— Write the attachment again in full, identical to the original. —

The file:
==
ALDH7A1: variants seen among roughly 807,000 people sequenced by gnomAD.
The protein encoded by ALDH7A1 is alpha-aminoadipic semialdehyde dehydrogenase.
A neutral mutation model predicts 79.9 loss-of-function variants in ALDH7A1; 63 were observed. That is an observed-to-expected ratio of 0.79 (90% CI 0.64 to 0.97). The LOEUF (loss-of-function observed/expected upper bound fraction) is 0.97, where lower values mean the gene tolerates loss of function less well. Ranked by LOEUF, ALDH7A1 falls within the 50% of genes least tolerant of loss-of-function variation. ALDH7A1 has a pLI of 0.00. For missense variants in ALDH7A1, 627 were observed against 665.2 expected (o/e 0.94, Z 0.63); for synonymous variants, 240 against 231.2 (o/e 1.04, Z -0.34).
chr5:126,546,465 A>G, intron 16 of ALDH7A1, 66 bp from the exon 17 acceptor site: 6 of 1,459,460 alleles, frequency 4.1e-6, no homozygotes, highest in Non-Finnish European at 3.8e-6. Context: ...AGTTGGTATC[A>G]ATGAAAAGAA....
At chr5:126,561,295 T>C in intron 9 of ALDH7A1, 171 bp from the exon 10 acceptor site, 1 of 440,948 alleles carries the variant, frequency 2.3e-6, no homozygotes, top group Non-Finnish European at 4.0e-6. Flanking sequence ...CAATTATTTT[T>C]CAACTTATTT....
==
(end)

ALDH7A1: variants seen among roughly 807,000 people sequenced by gnomAD.
The protein encoded by ALDH7A1 is alpha-aminoadipic semialdehyde dehydrogenase.
A neutral mutation model predicts 79.9 loss-of-function variants in ALDH7A1; 63 were observed. That is an observed-to-expected ratio of 0.79 (90% CI 0.64 to 0.97). The LOEUF (loss-of-function observed/expected upper bound fraction) is 0.97, where lower values mean the gene tolerates loss of function less well. Ranked by LOEUF, ALDH7A1 falls within the 50% of genes least tolerant of loss-of-function variation. ALDH7A1 has a pLI of 0.00. For missense variants in ALDH7A1, 627 were observed against 665.2 expected (o/e 0.94, Z 0.63); for synonymous variants, 240 against 231.2 (o/e 1.04, Z -0.34).
chr5:126,546,465 A>G, intron 16 of ALDH7A1, 66 bp from the exon 17 acceptor site: 6 of 1,459,460 alleles, frequency 4.1e-6, no homozygotes, highest in Non-Finnish European at 3.8e-6. Context: ...AGTTGGTATC[A>G]ATGAAAAGAA....
At chr5:126,561,295 T>C in intron 9 of ALDH7A1, 171 bp from the exon 10 acceptor site, 1 of 440,948 alleles carries the variant, frequency 2.3e-6, no homozygotes, top group Non-Finnish European at 4.0e-6. Flanking sequence ...CAATTATTTT[T>C]CAACTTATTT....